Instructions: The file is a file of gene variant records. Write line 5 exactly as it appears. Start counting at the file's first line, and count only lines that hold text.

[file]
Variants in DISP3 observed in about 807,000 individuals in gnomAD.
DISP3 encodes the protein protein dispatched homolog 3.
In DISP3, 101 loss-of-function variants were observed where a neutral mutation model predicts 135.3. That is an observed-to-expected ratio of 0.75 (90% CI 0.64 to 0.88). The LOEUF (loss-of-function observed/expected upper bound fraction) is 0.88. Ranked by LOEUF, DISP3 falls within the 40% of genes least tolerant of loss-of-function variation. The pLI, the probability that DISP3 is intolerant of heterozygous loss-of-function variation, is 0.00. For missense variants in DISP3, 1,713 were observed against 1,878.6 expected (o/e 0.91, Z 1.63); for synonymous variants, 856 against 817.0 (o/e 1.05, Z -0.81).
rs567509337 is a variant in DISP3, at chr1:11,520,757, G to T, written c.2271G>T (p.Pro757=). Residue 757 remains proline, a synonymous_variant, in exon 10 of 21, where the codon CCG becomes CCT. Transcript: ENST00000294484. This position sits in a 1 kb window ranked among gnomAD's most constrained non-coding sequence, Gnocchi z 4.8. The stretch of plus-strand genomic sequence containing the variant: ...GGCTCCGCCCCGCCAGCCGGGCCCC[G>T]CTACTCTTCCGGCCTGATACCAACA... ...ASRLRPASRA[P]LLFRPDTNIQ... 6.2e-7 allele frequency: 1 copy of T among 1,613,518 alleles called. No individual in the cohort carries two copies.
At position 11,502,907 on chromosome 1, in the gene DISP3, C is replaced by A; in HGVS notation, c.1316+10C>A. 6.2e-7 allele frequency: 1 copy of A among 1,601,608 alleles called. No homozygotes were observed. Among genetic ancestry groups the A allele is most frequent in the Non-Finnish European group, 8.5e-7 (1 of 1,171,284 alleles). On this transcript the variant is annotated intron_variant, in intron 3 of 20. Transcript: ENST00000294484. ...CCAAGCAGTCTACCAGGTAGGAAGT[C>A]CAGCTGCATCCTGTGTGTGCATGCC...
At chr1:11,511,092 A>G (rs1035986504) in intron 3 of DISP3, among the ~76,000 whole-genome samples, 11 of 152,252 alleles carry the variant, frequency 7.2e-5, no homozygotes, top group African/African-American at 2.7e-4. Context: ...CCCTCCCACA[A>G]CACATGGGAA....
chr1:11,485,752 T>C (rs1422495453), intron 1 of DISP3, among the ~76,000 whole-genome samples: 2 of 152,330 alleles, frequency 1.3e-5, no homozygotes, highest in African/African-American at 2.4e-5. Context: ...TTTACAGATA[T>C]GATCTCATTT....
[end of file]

At position 11,502,907 on chromosome 1, in the gene DISP3, C is replaced by A; in HGVS notation, c.1316+10C>A. 6.2e-7 allele frequency: 1 copy of A among 1,601,608 alleles called. No homozygotes were observed. Among genetic ancestry groups the A allele is most frequent in the Non-Finnish European group, 8.5e-7 (1 of 1,171,284 alleles). On this transcript the variant is annotated intron_variant, in intron 3 of 20. Transcript: ENST00000294484. ...CCAAGCAGTCTACCAGGTAGGAAGT[C>A]CAGCTGCATCCTGTGTGTGCATGCC...